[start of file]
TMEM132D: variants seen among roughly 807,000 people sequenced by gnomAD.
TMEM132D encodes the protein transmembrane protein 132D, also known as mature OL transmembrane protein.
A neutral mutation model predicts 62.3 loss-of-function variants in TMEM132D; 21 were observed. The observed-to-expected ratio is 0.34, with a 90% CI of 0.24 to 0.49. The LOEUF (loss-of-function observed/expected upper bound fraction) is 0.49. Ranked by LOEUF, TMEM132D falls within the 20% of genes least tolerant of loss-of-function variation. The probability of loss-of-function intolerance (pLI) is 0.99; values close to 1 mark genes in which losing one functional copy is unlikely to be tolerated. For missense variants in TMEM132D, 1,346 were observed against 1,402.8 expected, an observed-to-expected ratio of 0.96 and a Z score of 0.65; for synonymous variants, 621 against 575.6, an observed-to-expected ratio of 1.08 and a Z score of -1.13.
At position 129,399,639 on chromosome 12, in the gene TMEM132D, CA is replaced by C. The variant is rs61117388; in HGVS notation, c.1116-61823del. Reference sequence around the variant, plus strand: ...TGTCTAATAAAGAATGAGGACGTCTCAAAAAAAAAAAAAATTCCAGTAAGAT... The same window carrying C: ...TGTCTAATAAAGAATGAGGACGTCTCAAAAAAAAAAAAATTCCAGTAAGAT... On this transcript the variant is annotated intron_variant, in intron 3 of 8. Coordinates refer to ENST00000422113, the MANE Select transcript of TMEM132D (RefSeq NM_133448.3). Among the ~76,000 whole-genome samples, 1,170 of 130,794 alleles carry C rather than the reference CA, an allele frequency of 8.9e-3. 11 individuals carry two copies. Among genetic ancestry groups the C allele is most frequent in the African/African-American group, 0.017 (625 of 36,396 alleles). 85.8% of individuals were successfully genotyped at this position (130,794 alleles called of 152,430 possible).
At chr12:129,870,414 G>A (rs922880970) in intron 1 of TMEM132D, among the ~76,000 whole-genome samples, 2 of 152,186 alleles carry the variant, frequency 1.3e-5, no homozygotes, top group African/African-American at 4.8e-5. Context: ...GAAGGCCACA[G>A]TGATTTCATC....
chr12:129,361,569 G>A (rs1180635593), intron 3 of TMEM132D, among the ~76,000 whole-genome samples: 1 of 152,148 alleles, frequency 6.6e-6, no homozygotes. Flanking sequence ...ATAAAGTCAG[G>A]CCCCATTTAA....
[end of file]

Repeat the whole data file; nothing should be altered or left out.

TMEM132D: variants seen among roughly 807,000 people sequenced by gnomAD.
TMEM132D encodes the protein transmembrane protein 132D, also known as mature OL transmembrane protein.
A neutral mutation model predicts 62.3 loss-of-function variants in TMEM132D; 21 were observed. The observed-to-expected ratio is 0.34, with a 90% CI of 0.24 to 0.49. The LOEUF (loss-of-function observed/expected upper bound fraction) is 0.49. Ranked by LOEUF, TMEM132D falls within the 20% of genes least tolerant of loss-of-function variation. The probability of loss-of-function intolerance (pLI) is 0.99; values close to 1 mark genes in which losing one functional copy is unlikely to be tolerated. For missense variants in TMEM132D, 1,346 were observed against 1,402.8 expected, an observed-to-expected ratio of 0.96 and a Z score of 0.65; for synonymous variants, 621 against 575.6, an observed-to-expected ratio of 1.08 and a Z score of -1.13.
At position 129,399,639 on chromosome 12, in the gene TMEM132D, CA is replaced by C. The variant is rs61117388; in HGVS notation, c.1116-61823del. Reference sequence around the variant, plus strand: ...TGTCTAATAAAGAATGAGGACGTCTCAAAAAAAAAAAAAATTCCAGTAAGAT... The same window carrying C: ...TGTCTAATAAAGAATGAGGACGTCTCAAAAAAAAAAAAATTCCAGTAAGAT... On this transcript the variant is annotated intron_variant, in intron 3 of 8. Coordinates refer to ENST00000422113, the MANE Select transcript of TMEM132D (RefSeq NM_133448.3). Among the ~76,000 whole-genome samples, 1,170 of 130,794 alleles carry C rather than the reference CA, an allele frequency of 8.9e-3. 11 individuals carry two copies. Among genetic ancestry groups the C allele is most frequent in the African/African-American group, 0.017 (625 of 36,396 alleles). 85.8% of individuals were successfully genotyped at this position (130,794 alleles called of 152,430 possible).
At chr12:129,870,414 G>A (rs922880970) in intron 1 of TMEM132D, among the ~76,000 whole-genome samples, 2 of 152,186 alleles carry the variant, frequency 1.3e-5, no homozygotes, top group African/African-American at 4.8e-5. Context: ...GAAGGCCACA[G>A]TGATTTCATC....
chr12:129,361,569 G>A (rs1180635593), intron 3 of TMEM132D, among the ~76,000 whole-genome samples: 1 of 152,148 alleles, frequency 6.6e-6, no homozygotes. Flanking sequence ...ATAAAGTCAG[G>A]CCCCATTTAA....